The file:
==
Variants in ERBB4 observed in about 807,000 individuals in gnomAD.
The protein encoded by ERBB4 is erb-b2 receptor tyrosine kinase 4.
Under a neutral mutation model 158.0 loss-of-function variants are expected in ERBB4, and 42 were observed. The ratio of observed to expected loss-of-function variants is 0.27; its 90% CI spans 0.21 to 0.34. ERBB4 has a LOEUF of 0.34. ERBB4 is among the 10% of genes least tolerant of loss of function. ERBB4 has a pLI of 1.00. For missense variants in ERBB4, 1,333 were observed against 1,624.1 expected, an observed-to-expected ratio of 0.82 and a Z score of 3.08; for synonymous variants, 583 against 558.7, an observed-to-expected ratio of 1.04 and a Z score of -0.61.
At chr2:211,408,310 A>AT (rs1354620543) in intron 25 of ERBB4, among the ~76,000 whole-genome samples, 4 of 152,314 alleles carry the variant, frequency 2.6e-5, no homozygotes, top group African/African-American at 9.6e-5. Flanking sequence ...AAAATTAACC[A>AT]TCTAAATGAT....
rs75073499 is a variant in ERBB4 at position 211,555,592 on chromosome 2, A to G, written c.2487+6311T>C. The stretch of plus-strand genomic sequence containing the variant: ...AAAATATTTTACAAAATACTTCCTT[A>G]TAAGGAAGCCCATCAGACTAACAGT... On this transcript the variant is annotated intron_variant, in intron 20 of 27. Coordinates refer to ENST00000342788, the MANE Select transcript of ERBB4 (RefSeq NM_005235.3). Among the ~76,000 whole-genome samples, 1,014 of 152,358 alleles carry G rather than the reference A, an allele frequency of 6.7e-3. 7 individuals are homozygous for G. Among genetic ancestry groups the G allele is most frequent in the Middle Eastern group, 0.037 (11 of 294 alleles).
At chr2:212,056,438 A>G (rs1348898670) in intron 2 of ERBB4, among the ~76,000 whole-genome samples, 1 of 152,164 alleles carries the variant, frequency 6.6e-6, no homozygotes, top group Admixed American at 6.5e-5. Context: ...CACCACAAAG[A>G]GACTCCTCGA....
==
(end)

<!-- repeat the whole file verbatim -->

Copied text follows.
Variants in ERBB4 observed in about 807,000 individuals in gnomAD.
The protein encoded by ERBB4 is erb-b2 receptor tyrosine kinase 4.
Under a neutral mutation model 158.0 loss-of-function variants are expected in ERBB4, and 42 were observed. The ratio of observed to expected loss-of-function variants is 0.27; its 90% CI spans 0.21 to 0.34. ERBB4 has a LOEUF of 0.34. ERBB4 is among the 10% of genes least tolerant of loss of function. ERBB4 has a pLI of 1.00. For missense variants in ERBB4, 1,333 were observed against 1,624.1 expected, an observed-to-expected ratio of 0.82 and a Z score of 3.08; for synonymous variants, 583 against 558.7, an observed-to-expected ratio of 1.04 and a Z score of -0.61.
At chr2:211,408,310 A>AT (rs1354620543) in intron 25 of ERBB4, among the ~76,000 whole-genome samples, 4 of 152,314 alleles carry the variant, frequency 2.6e-5, no homozygotes, top group African/African-American at 9.6e-5. Flanking sequence ...AAAATTAACC[A>AT]TCTAAATGAT....
rs75073499 is a variant in ERBB4 at position 211,555,592 on chromosome 2, A to G, written c.2487+6311T>C. The stretch of plus-strand genomic sequence containing the variant: ...AAAATATTTTACAAAATACTTCCTT[A>G]TAAGGAAGCCCATCAGACTAACAGT... On this transcript the variant is annotated intron_variant, in intron 20 of 27. Coordinates refer to ENST00000342788, the MANE Select transcript of ERBB4 (RefSeq NM_005235.3). Among the ~76,000 whole-genome samples, 1,014 of 152,358 alleles carry G rather than the reference A, an allele frequency of 6.7e-3. 7 individuals are homozygous for G. Among genetic ancestry groups the G allele is most frequent in the Middle Eastern group, 0.037 (11 of 294 alleles).
At chr2:212,056,438 A>G (rs1348898670) in intron 2 of ERBB4, among the ~76,000 whole-genome samples, 1 of 152,164 alleles carries the variant, frequency 6.6e-6, no homozygotes, top group Admixed American at 6.5e-5. Context: ...CACCACAAAG[A>G]GACTCCTCGA....